Hlynur Pálmason ræðir við vef Norræna kvikmynda- og sjónvarpssjóðsins um mynd sína Hvítan, hvítan dag og væntanlega frumsýningu á Critics’ Week í Cannes þann 16. maí.
Last year Benedikt Erlingsson had a fantastic world premiere and reception at the Critics Week in Cannes with Woman at war. Now it’s your turn to represent Iceland in the Cannes sidebar. How does that feel?
Hlynur Pálmason: We’ve just finished the film, so everything feels very fast at the moment. But I’m a fan of the Critics’ Week. I found out recently that one of my favourite films The Spirit of the Beehive by Victor Erice was screened there. This was my last chance to be part of it, as they only select debuts and sophomore films. So I’m very honoured to be part of the selection this year.
As a versatile artist using fine arts to express yourself parallel to filmmaking, how does an idea for a new film take shape in you and what was the starting point A White, White Day?
HP: I think it just slowly emerged through the daily creative process, my routines and rituals. It’s probably this constant desire for exploring the unknown and the junky fix that you get when things come together in a surprising and truthful way. But the trigger was probably while I was working on a photography series called “a white day”, where I photographed during snow storms. So when I began working on the film, I just added an extra “white” on the working title that I slowly fell in love with. I love repetition when it works, but I find it very difficult to make it work.
The title of your new film A White, White Day reminds us of the white/greyish white from the winter dust and the chalk from the mining community that was predominant in Winter Brothers. What does white represent to you?
HP: This being my second feature, people will automatically think of my earlier work and compare it with the new work I’m presenting. There is probably no running away from that. But white for me represents many various things and it’s never used in my films as a colour symbol or anything like that. But the white day does have a profound importance in this film. There is a saying in Iceland that when everything is white and there is no longer any difference between the earth and the sky, then the dead can talk to us that still are living.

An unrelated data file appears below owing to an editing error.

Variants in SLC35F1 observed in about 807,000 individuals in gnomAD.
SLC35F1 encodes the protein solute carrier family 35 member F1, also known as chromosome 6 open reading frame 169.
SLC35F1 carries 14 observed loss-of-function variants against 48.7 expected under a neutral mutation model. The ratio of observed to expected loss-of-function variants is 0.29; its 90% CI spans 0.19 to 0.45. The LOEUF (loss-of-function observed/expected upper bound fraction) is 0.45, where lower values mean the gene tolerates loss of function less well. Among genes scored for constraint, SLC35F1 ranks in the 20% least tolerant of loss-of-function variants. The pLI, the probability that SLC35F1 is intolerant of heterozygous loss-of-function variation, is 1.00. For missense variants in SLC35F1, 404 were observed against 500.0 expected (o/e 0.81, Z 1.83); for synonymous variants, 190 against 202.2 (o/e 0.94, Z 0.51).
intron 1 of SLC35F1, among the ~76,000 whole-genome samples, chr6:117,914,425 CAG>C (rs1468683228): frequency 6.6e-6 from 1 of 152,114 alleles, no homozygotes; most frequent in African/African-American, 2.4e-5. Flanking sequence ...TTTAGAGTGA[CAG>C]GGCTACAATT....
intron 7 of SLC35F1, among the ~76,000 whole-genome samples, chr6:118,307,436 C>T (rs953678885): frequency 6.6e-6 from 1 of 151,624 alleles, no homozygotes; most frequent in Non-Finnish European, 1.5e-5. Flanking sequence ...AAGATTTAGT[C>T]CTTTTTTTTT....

A White, White is Day is your first Icelandic feature length, entirely shot in Iceland, and I believe, quite close to where you grew up. How was this ‘going back to your roots’ experience?
HP: It was very much about going back to my roots, from where I come from. I enjoyed the whole process and began filming the prologue of the film two years prior to principle photography late last summer. I tried to capture the changing seasons, the temperament of the weather and the process of the protagonist building a house. I loved filming and writing and developing parallel and would love to do more of that.
Family relationships is again the starting point for your new film, although you add a Nordic noir spice to the plot. How would you describe the core of A White, White Day?
HP: The core is about two kinds of love. Love that you have for your children or grand-children, that is simple, pure and unconditional. And then there is another kind of love towards your partner, your lover, wife etc. That is something completely different, it’s more complex, intimate, animal and something quite unique that you don’t have with anyone else.